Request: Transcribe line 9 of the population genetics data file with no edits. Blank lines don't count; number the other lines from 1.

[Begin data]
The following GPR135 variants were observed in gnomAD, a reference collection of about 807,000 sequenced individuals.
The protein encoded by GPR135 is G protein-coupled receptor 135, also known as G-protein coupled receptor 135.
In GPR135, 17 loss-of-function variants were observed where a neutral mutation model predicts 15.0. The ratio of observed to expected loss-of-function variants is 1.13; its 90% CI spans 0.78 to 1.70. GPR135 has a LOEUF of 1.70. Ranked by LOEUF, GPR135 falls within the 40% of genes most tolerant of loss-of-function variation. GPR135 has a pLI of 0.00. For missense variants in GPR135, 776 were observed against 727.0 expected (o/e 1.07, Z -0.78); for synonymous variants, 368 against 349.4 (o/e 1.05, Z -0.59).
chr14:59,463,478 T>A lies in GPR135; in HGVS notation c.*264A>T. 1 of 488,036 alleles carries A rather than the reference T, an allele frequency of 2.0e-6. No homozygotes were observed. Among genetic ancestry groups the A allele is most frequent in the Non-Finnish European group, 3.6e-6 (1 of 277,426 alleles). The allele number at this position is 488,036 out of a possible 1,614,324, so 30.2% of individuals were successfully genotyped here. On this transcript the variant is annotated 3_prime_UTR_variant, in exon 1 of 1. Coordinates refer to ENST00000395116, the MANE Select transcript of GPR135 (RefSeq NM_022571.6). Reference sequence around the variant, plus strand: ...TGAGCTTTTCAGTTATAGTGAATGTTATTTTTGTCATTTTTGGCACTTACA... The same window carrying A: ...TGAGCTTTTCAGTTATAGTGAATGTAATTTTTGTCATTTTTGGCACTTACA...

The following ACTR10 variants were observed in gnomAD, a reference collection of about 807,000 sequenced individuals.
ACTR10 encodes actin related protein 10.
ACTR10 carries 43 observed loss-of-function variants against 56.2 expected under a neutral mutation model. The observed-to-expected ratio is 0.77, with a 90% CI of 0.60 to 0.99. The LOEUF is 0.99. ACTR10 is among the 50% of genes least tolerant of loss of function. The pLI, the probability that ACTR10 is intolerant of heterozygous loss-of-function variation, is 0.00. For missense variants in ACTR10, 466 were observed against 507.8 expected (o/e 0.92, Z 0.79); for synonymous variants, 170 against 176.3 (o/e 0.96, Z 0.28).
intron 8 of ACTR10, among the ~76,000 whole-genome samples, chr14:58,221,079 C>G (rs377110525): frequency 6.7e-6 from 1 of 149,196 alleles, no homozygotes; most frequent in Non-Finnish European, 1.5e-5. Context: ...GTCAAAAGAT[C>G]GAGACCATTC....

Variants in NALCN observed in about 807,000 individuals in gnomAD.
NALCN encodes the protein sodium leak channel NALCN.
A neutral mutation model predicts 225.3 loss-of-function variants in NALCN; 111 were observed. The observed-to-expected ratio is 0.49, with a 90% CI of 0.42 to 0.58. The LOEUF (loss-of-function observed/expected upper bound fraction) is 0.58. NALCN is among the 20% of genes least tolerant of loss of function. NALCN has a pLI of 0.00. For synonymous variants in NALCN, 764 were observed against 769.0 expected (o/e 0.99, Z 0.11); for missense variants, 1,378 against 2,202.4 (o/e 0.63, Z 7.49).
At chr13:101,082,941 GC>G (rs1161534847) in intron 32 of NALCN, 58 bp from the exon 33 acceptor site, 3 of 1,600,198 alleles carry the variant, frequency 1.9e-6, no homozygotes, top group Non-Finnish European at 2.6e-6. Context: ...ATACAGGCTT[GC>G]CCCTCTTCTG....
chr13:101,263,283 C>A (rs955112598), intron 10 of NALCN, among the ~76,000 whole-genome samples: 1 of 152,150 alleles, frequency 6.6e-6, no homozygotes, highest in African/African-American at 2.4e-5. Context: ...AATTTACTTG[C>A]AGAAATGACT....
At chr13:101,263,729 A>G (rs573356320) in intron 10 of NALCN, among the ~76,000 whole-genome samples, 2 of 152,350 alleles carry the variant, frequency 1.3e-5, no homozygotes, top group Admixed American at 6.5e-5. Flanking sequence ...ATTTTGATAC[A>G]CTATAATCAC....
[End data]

Variants in NALCN observed in about 807,000 individuals in gnomAD.